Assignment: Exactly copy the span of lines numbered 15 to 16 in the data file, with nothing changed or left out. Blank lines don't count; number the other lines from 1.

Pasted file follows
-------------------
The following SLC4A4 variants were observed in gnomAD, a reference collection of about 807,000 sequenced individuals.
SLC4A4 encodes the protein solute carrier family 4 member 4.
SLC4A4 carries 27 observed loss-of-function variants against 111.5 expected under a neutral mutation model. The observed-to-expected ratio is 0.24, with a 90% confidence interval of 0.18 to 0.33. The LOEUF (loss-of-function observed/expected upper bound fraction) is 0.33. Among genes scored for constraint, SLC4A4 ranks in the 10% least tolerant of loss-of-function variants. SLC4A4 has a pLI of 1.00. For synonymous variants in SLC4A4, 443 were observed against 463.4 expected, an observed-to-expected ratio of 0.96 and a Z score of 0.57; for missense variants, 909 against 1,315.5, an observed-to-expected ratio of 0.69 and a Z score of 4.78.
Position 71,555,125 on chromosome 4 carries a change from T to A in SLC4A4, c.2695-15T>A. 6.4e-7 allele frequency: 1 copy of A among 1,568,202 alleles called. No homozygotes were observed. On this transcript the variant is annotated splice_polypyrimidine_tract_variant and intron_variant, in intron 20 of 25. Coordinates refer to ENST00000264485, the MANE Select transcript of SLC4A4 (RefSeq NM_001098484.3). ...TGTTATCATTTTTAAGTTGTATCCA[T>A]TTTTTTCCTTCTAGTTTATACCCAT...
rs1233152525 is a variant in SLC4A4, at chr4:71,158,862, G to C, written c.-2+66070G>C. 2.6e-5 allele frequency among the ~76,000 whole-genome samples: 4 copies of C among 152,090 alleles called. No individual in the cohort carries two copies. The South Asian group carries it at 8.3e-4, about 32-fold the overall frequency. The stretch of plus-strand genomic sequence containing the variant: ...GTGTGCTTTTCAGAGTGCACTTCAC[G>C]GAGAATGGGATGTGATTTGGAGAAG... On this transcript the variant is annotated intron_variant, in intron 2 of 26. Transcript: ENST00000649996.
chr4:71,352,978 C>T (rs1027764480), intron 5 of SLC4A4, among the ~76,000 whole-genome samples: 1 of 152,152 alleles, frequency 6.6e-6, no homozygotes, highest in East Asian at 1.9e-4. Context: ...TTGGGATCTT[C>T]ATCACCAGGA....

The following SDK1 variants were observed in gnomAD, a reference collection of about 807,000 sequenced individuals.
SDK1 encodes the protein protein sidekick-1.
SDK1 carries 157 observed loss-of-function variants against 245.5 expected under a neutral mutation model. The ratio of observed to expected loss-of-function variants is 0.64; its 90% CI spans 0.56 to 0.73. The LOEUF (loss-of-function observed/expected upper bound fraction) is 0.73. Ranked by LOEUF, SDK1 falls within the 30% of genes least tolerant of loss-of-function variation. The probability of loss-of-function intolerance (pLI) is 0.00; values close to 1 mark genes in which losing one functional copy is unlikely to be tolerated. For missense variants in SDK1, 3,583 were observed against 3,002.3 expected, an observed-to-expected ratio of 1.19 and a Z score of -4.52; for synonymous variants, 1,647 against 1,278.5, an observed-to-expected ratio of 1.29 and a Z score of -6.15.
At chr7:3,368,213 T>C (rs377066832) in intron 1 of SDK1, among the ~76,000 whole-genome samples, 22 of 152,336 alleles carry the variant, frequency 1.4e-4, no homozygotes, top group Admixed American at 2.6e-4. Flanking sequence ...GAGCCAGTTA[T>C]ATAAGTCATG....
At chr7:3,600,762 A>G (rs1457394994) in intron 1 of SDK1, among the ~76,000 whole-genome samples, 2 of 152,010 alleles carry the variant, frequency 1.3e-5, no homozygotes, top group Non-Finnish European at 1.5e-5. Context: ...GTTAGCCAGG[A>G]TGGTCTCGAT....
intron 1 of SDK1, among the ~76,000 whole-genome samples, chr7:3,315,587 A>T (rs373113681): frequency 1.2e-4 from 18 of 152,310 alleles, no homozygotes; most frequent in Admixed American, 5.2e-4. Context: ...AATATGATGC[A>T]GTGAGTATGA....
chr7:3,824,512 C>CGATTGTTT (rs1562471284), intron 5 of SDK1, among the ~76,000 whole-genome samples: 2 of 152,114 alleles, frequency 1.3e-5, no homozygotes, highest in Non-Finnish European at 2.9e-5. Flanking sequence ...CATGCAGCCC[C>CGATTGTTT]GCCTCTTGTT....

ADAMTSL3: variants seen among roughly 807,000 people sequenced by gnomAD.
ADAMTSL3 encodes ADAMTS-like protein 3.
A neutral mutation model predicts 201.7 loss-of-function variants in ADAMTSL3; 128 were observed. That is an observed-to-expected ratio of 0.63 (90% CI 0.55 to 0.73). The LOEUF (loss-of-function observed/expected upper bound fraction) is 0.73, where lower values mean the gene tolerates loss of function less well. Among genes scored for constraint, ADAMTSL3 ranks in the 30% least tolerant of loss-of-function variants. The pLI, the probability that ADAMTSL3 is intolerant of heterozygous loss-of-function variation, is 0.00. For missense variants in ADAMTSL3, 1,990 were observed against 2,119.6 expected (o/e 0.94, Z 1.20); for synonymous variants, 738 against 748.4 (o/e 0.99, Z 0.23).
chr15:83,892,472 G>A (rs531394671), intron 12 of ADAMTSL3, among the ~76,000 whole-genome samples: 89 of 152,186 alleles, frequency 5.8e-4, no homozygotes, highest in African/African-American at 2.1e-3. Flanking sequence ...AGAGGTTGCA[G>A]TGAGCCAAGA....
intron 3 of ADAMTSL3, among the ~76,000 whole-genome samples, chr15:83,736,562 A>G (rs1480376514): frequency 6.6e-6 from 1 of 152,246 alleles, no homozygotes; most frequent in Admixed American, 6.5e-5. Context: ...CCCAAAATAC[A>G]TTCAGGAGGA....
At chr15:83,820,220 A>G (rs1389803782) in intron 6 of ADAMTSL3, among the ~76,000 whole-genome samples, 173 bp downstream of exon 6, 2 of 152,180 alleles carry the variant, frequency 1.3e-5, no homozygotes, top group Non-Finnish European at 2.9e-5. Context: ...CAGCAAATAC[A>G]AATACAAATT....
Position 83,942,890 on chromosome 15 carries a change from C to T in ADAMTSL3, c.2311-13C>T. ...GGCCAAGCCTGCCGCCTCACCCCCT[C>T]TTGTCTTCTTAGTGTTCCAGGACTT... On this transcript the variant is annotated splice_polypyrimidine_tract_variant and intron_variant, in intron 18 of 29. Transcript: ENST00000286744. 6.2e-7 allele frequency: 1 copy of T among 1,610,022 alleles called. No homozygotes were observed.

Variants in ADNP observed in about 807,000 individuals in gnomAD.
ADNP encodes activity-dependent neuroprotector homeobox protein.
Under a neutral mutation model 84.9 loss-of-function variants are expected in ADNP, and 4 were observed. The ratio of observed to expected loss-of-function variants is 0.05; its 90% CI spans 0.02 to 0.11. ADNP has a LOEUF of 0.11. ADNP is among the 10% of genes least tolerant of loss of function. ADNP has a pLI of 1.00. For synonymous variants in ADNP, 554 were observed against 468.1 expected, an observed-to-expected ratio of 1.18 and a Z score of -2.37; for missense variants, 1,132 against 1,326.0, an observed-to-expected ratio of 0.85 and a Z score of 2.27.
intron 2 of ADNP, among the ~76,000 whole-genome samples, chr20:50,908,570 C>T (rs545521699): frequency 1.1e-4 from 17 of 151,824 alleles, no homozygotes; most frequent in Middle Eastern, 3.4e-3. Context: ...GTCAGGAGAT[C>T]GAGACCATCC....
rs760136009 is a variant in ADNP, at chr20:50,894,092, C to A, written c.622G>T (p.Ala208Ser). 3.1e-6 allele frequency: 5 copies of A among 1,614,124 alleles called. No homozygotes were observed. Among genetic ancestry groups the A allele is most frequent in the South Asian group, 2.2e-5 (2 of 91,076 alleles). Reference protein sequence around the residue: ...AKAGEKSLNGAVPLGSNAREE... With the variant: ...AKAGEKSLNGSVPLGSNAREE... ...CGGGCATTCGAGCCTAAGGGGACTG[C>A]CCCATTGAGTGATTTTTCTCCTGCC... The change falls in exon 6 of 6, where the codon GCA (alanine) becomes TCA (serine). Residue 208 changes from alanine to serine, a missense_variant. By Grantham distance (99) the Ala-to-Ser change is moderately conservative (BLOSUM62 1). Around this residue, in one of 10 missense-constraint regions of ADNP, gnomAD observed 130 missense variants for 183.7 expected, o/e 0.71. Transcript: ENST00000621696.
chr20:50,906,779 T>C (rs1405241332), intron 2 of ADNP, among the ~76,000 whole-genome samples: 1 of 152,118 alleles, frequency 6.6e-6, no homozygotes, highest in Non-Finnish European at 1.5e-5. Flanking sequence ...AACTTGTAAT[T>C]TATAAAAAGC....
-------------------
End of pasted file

ADAMTSL3 encodes ADAMTS-like protein 3.
A neutral mutation model predicts 201.7 loss-of-function variants in ADAMTSL3; 128 were observed. That is an observed-to-expected ratio of 0.63 (90% CI 0.55 to 0.73). The LOEUF (loss-of-function observed/expected upper bound fraction) is 0.73, where lower values mean the gene tolerates loss of function less well. Among genes scored for constraint, ADAMTSL3 ranks in the 30% least tolerant of loss-of-function variants. The pLI, the probability that ADAMTSL3 is intolerant of heterozygous loss-of-function variation, is 0.00. For missense variants in ADAMTSL3, 1,990 were observed against 2,119.6 expected (o/e 0.94, Z 1.20); for synonymous variants, 738 against 748.4 (o/e 0.99, Z 0.23).